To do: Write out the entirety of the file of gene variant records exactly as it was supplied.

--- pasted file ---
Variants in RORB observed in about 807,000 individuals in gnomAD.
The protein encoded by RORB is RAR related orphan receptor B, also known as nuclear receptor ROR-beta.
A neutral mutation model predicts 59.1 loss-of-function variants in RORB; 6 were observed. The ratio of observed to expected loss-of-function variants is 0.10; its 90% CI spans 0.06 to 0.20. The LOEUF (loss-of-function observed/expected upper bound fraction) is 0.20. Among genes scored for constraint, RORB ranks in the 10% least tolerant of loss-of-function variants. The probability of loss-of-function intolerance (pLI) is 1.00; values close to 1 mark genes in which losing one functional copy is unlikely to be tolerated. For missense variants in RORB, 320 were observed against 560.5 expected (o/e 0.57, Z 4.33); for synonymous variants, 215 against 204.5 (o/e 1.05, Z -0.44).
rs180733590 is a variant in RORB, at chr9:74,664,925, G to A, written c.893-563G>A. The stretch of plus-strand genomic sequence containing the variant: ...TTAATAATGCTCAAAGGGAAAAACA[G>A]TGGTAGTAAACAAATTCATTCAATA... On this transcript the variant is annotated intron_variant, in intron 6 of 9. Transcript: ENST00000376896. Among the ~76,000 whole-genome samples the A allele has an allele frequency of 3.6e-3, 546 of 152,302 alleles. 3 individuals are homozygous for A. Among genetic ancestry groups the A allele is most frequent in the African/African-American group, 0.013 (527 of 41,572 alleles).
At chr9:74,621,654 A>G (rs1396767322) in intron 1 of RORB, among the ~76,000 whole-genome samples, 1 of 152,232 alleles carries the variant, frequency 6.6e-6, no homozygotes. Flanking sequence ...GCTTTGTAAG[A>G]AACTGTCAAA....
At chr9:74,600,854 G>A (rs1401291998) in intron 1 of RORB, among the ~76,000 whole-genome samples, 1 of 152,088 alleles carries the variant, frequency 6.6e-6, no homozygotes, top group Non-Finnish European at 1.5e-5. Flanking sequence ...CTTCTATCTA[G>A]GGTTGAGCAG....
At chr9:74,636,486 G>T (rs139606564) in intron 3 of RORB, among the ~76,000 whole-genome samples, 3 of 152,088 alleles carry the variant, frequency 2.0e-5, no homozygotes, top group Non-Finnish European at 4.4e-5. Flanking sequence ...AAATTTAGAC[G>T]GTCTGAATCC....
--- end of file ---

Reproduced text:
Variants in RORB observed in about 807,000 individuals in gnomAD.
The protein encoded by RORB is RAR related orphan receptor B, also known as nuclear receptor ROR-beta.
A neutral mutation model predicts 59.1 loss-of-function variants in RORB; 6 were observed. The ratio of observed to expected loss-of-function variants is 0.10; its 90% CI spans 0.06 to 0.20. The LOEUF (loss-of-function observed/expected upper bound fraction) is 0.20. Among genes scored for constraint, RORB ranks in the 10% least tolerant of loss-of-function variants. The probability of loss-of-function intolerance (pLI) is 1.00; values close to 1 mark genes in which losing one functional copy is unlikely to be tolerated. For missense variants in RORB, 320 were observed against 560.5 expected (o/e 0.57, Z 4.33); for synonymous variants, 215 against 204.5 (o/e 1.05, Z -0.44).
rs180733590 is a variant in RORB, at chr9:74,664,925, G to A, written c.893-563G>A. The stretch of plus-strand genomic sequence containing the variant: ...TTAATAATGCTCAAAGGGAAAAACA[G>A]TGGTAGTAAACAAATTCATTCAATA... On this transcript the variant is annotated intron_variant, in intron 6 of 9. Transcript: ENST00000376896. Among the ~76,000 whole-genome samples the A allele has an allele frequency of 3.6e-3, 546 of 152,302 alleles. 3 individuals are homozygous for A. Among genetic ancestry groups the A allele is most frequent in the African/African-American group, 0.013 (527 of 41,572 alleles).
At chr9:74,621,654 A>G (rs1396767322) in intron 1 of RORB, among the ~76,000 whole-genome samples, 1 of 152,232 alleles carries the variant, frequency 6.6e-6, no homozygotes. Flanking sequence ...GCTTTGTAAG[A>G]AACTGTCAAA....
At chr9:74,600,854 G>A (rs1401291998) in intron 1 of RORB, among the ~76,000 whole-genome samples, 1 of 152,088 alleles carries the variant, frequency 6.6e-6, no homozygotes, top group Non-Finnish European at 1.5e-5. Flanking sequence ...CTTCTATCTA[G>A]GGTTGAGCAG....
At chr9:74,636,486 G>T (rs139606564) in intron 3 of RORB, among the ~76,000 whole-genome samples, 3 of 152,088 alleles carry the variant, frequency 2.0e-5, no homozygotes, top group Non-Finnish European at 4.4e-5. Flanking sequence ...AAATTTAGAC[G>T]GTCTGAATCC....